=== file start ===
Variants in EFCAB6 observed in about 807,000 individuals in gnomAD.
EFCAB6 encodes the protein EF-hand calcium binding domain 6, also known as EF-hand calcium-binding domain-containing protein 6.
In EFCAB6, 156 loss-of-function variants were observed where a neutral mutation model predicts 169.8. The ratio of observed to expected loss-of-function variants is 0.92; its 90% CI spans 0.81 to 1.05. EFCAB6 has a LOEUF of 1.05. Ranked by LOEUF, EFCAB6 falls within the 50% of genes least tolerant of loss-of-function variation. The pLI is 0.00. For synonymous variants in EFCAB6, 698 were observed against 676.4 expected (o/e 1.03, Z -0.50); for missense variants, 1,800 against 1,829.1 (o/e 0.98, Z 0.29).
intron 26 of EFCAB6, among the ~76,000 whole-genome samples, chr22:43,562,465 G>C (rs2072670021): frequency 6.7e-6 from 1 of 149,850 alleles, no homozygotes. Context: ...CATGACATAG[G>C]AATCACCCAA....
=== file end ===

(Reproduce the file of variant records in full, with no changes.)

Variants in EFCAB6 observed in about 807,000 individuals in gnomAD.
EFCAB6 encodes the protein EF-hand calcium binding domain 6, also known as EF-hand calcium-binding domain-containing protein 6.
In EFCAB6, 156 loss-of-function variants were observed where a neutral mutation model predicts 169.8. The ratio of observed to expected loss-of-function variants is 0.92; its 90% CI spans 0.81 to 1.05. EFCAB6 has a LOEUF of 1.05. Ranked by LOEUF, EFCAB6 falls within the 50% of genes least tolerant of loss-of-function variation. The pLI is 0.00. For synonymous variants in EFCAB6, 698 were observed against 676.4 expected (o/e 1.03, Z -0.50); for missense variants, 1,800 against 1,829.1 (o/e 0.98, Z 0.29).
intron 26 of EFCAB6, among the ~76,000 whole-genome samples, chr22:43,562,465 G>C (rs2072670021): frequency 6.7e-6 from 1 of 149,850 alleles, no homozygotes. Context: ...CATGACATAG[G>C]AATCACCCAA....